In April 2015, the finance ministers of the G-20 countries and the governors of their central banks asked the Financial Stability Board (FSB), an international body that monitors and makes recommendations about global financial systems, to examine how the financial sector impacts or is impacted by climate change. In December that year, when the Paris Agreement was hammered out, the FSB set up a task force to identify information needed by investors, lenders, and insurers, to assess and price climate-related risks and opportunities for businesses.

In July 2017, the Task Force on Climate-related Financial Disclosures (TCFD) formally released its recommendations. As many as a hundred CEOs pledged support. The disclosures relate to aspects such as emissions, energy consumption, water use and so on.

The Indian scene

An advocacy group called CDP (or Climate Disclosure Project, which long preceded TCFD) has been monitoring the climate-related disclosures of global companies. Its findings on Indian companies for 2020 came out recently. Two messages emerge from it — more and more Indian companies are making climate-related disclosures; and the number is still woefully small.

For the first time, Indian companies got into CDP’s List A, the top of the four categories ranked in terms of transparency. These were Hindustan Zinc, IndusInd Bank, Mahindra & Mahindra, and Tech Mahindra. As many as 220 companiesmade climate-related disclosures in 2020 — a 17 per cent increase over the previous year. The CDP report notes that water security disclosures to investors witnessed a significant rise of 80 per cent.

Emissions disclosures fall under three categories: Scope 1, which covers direct emissions from sources owned or controlled by the entity; Scope 2, which includes indirect emissions from the generation of purchased electricity, steam, heating and cooling; and Scope 3, which counts all emissions down the entire supply chain of the business entity. Scope 3 emissions are 5-6 times more than the carbon footprint of a company’s direct operations and is hence important.

The number of companies that counted and disclosed their Scope 3 emissions nearly doubled — the report does not mention the number but says that 39 ‘Scope 3’ companies offered their disclosures for third-party verification. There has also been an increase in the number of companies offering themselves for third-party verification — 59 for Scope 1 and 51 for Scope 2.

Science-based targets

Likewise, more Indian companies (52) have adopted ‘science-based targets’ — on various counts such as emissions and energy consumption that are scientifically established to be consistent with the Paris target of reducing global warming to well below 2 degrees C over the pre-industrial levels. Globally, a thousand companies have committed to science-based targets, but just six countries account for over 600 of them, the sixth being India — the only developing country in the list. Similarly, in terms of ‘internal carbon pricing’, where companies add a carbon price to each of their activities with a carbon footprint, the number of Indian companies adopting it is on the rise.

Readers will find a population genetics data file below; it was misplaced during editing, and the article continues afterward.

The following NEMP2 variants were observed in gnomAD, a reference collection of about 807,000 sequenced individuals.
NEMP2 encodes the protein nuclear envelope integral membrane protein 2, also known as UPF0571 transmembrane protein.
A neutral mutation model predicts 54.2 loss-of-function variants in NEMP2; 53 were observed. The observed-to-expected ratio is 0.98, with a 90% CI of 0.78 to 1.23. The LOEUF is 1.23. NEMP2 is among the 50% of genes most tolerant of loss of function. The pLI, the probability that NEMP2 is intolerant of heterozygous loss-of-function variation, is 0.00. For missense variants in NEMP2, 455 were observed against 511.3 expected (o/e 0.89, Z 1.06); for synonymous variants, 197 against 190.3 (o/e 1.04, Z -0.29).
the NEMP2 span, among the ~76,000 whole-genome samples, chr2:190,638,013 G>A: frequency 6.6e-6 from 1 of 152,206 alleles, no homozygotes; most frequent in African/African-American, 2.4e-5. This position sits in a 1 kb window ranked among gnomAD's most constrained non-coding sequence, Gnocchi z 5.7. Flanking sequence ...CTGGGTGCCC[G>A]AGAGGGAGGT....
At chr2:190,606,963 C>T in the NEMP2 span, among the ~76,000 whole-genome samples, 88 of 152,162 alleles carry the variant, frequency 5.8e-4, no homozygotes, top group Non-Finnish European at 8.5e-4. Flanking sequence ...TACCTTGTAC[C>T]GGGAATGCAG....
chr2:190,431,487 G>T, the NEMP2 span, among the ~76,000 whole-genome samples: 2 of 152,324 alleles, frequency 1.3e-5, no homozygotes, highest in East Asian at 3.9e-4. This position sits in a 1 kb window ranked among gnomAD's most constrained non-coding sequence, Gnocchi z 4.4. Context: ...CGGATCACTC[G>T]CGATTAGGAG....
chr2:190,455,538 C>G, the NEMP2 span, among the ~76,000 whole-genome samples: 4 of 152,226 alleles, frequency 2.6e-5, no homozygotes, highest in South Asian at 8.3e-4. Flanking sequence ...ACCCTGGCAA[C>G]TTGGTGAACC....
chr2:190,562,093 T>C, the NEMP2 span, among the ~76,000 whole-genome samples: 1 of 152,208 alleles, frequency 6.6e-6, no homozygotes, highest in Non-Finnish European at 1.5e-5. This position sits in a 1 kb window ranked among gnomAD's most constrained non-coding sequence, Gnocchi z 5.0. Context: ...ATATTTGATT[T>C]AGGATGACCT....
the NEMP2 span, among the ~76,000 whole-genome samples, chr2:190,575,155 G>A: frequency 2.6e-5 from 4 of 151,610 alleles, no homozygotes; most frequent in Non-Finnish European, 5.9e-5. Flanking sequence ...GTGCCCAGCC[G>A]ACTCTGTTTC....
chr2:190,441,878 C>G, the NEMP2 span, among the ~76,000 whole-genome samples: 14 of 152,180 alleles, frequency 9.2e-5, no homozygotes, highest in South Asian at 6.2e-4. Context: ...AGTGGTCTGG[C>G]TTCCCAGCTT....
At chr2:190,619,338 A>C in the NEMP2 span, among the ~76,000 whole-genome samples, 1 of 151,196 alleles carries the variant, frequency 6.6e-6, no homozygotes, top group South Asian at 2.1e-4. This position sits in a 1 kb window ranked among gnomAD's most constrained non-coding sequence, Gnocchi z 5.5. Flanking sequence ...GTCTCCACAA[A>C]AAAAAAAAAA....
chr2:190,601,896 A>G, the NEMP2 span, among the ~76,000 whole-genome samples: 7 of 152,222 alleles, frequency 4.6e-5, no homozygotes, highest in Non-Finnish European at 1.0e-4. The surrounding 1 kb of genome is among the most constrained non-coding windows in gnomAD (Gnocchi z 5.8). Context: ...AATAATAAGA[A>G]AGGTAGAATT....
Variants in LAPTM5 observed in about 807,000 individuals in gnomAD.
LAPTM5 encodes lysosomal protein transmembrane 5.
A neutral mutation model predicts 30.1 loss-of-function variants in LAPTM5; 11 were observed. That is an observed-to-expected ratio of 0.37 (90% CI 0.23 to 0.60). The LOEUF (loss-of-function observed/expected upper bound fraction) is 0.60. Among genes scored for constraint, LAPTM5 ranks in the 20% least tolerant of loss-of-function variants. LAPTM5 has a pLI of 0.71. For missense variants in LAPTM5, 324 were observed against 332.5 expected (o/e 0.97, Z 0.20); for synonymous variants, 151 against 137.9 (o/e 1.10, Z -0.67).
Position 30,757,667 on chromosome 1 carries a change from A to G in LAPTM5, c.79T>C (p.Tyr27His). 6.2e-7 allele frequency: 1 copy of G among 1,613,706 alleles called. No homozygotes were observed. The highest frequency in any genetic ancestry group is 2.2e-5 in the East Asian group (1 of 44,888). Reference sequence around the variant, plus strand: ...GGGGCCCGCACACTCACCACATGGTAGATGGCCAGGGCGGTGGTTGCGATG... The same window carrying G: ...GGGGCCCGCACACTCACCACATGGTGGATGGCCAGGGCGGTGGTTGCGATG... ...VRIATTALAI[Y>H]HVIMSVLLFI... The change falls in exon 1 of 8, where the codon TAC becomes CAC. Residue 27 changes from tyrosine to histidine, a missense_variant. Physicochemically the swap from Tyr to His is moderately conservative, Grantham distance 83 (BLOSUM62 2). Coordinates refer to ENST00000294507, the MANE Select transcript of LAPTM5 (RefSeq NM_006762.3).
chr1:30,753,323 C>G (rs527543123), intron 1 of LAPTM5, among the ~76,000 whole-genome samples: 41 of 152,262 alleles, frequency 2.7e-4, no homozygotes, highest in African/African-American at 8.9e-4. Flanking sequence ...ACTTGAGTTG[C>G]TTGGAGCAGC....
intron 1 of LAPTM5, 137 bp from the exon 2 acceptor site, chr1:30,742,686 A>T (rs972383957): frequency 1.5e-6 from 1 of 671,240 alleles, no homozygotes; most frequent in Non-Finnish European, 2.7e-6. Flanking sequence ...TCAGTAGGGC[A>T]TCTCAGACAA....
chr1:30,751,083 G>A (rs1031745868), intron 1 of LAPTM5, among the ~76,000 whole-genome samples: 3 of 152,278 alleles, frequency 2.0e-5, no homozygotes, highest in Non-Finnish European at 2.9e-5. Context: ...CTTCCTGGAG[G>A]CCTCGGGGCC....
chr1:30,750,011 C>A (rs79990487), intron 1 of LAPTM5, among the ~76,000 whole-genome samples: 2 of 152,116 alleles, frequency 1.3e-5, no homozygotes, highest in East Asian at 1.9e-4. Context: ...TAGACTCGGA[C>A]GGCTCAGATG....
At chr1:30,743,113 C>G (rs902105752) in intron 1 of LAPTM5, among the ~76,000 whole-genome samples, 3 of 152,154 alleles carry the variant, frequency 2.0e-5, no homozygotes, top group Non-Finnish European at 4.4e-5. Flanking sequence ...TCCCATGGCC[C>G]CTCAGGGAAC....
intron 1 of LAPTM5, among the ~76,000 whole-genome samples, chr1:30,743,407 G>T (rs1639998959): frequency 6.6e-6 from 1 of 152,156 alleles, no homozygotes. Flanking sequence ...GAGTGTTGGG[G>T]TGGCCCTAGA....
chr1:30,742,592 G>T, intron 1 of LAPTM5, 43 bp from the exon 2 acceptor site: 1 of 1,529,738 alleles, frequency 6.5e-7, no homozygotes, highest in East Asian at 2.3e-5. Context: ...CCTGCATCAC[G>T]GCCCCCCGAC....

All this illustrates that more Indian companies are becoming sensitive about climate risks. Damandeep Singh, Director, CDP India, observes that the number of Indian companies willing to make climate disclosures is showing “a marked improvement, holding out hope for the future”.

However, the number is still small as a share of the total number of business entities in the country. CDP India sent questionnaires to some 200 companies; only a fourth responded.

Push from investors

Climate disclosures are gaining importance by the day because investors are demanding it. This datapoint underscores that reality: 515 investors with $106 trillion in assets, and 150-plus large purchasers with $4 trillion in buying power requested thousands of companies to disclose through CDP in 2020.

Secondly, there is a call to make climate disclosures mandatory and there is every reason to believe that the call will be heard.

The government is seized of the issue. In December 2020, the Ministry of Environment, Forests and Climate Change (MoEFCC) constituted a high-level inter-ministerial Apex Committee for Implementation of the Paris Agreement, under the chairmanship of the Secretary, MoEFCC. Climate disclosures can be expected to be high on the committee’s list of priorities. When disclosures become mandatory, those companies that are already inside the room will obviously have a headway over those who try to get in then.